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Do law firms indirectly discriminate against universities by having A-level cut-offs? Watch

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    I don't have a problem with A-level cut-offs for training contracts and vacation schemes, as law firms need some way of filtering through the vast number of applicants they receive.

    However, it annoys me when a law firm has quite a high A-level cut-off but then tries to give the impression that the university you attend does not matter. It seems like an attempt to portray the firm as non-elitist (which I guess ties in with a modern and forward-thinking brand) and to imply that it accepts applicants from universities which are 'non-traditional' or filled with more students from working class and non-privately educated backgrounds.

    Yet, by having a high A-level cut-off, the law firm is barring a massive pool of universities where students will have less than what the law firm is asking for by virtue of the university's general entry requirements. Granted, there will be a small number of exceptions (a student who has the required grades despite being at a university which asks for less), but the vast majority will be unlikely to exceed the course entry requirements. Think about how many universities are barred by having an AAB A-level cut-off, for example.

    So, fine - have a high A-level cut-off but I wish that some law firms wouldn't be disingenuous by giving off the impression that students outside 'top' universities are also welcome.
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    But you can have excellent grades and still go to what some call a "low ranking" university... I think that's what they are trying to say.
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    (Original post by ChocoholicPolyglot)
    But you can have excellent grades and still go to a "low ranking" university... I think that's what they are trying to say.
    But in reality it is still barring a large pool of universities by default. It is implicit that the number of students with AAB for a course which requires BBC will be very low.
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    (Original post by JoffreyBaratheon)
    But in reality it is still barring a large pool of universities by default. It is implicit that the number of students with AAB for a course which requires BBC will be very low.
    The alternative is that they say that university DOES matter. But that would be a lie - because they are willing to look at individuals with, say, AAB, that went to a course requiring BBC.

    I appreciate what you are saying but there is no preferable alternative.
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    So what are you proposing? There is no realistic alternative.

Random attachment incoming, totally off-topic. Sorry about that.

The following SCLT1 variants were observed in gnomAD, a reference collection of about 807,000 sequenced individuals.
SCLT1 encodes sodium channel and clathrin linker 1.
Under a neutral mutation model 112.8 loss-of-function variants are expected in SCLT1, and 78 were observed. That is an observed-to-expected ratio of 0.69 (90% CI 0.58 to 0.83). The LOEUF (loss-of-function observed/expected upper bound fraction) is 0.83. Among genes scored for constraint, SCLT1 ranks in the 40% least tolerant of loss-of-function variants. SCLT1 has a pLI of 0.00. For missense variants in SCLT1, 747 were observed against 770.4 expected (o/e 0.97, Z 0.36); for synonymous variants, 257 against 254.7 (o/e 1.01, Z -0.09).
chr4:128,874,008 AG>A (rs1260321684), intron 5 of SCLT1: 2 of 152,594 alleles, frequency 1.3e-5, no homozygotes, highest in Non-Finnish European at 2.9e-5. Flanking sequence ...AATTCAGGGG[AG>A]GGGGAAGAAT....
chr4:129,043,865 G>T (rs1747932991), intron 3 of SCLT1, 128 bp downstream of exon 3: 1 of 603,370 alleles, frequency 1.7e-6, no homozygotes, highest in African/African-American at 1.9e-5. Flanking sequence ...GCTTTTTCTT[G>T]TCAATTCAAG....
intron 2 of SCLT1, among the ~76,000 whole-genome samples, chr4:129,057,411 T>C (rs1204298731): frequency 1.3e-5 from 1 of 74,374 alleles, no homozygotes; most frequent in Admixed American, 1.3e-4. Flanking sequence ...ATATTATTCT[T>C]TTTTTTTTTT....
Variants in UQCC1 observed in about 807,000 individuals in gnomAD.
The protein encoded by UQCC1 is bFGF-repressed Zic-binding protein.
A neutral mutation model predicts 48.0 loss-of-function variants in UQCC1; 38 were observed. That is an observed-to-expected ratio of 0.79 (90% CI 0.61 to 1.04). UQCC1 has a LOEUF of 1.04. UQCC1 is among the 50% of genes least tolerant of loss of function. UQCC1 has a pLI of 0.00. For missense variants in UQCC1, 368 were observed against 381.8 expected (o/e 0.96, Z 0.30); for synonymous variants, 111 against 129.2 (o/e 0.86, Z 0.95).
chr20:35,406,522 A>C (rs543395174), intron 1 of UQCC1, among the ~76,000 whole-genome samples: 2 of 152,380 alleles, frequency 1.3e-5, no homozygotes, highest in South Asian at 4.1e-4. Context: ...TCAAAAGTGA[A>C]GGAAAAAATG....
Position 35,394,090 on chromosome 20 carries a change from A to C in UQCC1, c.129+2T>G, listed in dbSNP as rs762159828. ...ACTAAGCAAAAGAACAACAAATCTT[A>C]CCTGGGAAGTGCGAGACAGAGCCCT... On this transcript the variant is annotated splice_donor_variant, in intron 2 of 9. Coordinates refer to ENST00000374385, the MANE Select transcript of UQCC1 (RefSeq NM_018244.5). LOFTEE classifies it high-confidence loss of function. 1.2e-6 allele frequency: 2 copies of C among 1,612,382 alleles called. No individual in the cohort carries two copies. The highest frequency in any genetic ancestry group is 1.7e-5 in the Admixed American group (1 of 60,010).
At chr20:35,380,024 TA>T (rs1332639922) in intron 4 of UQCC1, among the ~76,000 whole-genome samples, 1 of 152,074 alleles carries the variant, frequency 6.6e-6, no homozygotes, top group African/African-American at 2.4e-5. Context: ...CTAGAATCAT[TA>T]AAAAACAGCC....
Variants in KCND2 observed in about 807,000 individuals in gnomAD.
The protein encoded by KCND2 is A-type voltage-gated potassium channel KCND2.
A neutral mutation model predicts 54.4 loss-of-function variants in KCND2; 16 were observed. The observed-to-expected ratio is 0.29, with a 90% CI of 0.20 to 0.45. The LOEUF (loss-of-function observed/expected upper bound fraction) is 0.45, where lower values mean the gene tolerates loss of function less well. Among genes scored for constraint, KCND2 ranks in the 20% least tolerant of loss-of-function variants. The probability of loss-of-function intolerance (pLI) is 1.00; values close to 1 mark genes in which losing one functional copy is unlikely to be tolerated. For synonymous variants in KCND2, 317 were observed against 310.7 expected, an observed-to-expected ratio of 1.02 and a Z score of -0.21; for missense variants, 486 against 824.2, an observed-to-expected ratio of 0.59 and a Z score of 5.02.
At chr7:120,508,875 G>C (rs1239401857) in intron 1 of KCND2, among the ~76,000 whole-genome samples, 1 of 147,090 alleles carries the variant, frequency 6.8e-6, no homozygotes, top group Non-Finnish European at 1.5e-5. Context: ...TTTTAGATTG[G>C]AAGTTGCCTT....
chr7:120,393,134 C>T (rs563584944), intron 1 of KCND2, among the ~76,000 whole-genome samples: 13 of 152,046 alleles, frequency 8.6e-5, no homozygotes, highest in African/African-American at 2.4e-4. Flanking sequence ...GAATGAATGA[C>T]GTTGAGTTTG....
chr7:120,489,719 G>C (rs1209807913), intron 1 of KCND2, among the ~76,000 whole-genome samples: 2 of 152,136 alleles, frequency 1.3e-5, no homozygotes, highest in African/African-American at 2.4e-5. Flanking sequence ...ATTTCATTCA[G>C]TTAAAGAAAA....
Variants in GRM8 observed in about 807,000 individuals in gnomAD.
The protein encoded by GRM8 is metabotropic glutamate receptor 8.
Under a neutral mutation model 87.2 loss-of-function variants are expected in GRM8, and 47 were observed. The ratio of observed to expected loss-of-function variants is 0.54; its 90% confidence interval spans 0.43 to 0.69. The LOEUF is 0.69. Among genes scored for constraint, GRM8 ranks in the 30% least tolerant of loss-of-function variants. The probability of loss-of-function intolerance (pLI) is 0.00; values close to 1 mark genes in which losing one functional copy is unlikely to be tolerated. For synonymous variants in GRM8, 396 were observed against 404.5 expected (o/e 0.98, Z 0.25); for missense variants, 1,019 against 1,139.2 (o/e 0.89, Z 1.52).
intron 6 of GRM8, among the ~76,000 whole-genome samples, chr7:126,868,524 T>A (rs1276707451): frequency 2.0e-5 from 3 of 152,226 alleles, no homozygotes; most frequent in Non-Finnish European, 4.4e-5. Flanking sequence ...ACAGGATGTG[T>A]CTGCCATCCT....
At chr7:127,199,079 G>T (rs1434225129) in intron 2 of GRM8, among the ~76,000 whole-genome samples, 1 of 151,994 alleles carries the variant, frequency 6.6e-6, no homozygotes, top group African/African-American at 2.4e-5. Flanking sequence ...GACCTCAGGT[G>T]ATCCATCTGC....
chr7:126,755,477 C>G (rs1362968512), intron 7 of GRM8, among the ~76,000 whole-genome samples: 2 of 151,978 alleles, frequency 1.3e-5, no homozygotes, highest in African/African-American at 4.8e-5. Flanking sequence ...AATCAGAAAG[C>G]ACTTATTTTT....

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    Surely the issue should be with law schools that try to make the kids believe they can join the big firms with their BBC grades in he first place?

    The boundaries aren't there to screw over grads from lower unis; they are there because the firms have decided that is a level of attainment they want their trainees to have. Arguably, they don't think grads with lower grade are 'clever' enough.

    To be honest, my issue is when it is applied too rigidly and those who got their a-levels a few years earlier than most applicants are made to suffer.


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    (Original post by LexiswasmyNexis)
    To be honest, my issue is when it is applied too rigidly and those who got their a-levels a few years earlier than most applicants are made to suffer.
    How does getting your A-levels earlier disadvantage you? Unless you think there's been rampant grade inflation?
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    (Original post by Brevity)
    How does getting your A-levels earlier disadvantage you? Unless you think there's been rampant grade inflation?
    That is what I'm getting at.


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    (Original post by LexiswasmyNexis)
    The boundaries aren't there to screw over grads from lower unis; they are there because the firms have decided that is a level of attainment they want their trainees to have.
    Nonetheless, this is the effect that they have in practice - regardless of any supposed intention.

    Arguably, they don't think grads with lower grade are 'clever' enough.
    I don't think A-levels measure cleverness in all cases. Is a graduate with AAB at A-level and a 2:1 distinctly more 'clever' than one with BBC at A-level and a first class degree?
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    (Original post by JoffreyBaratheon)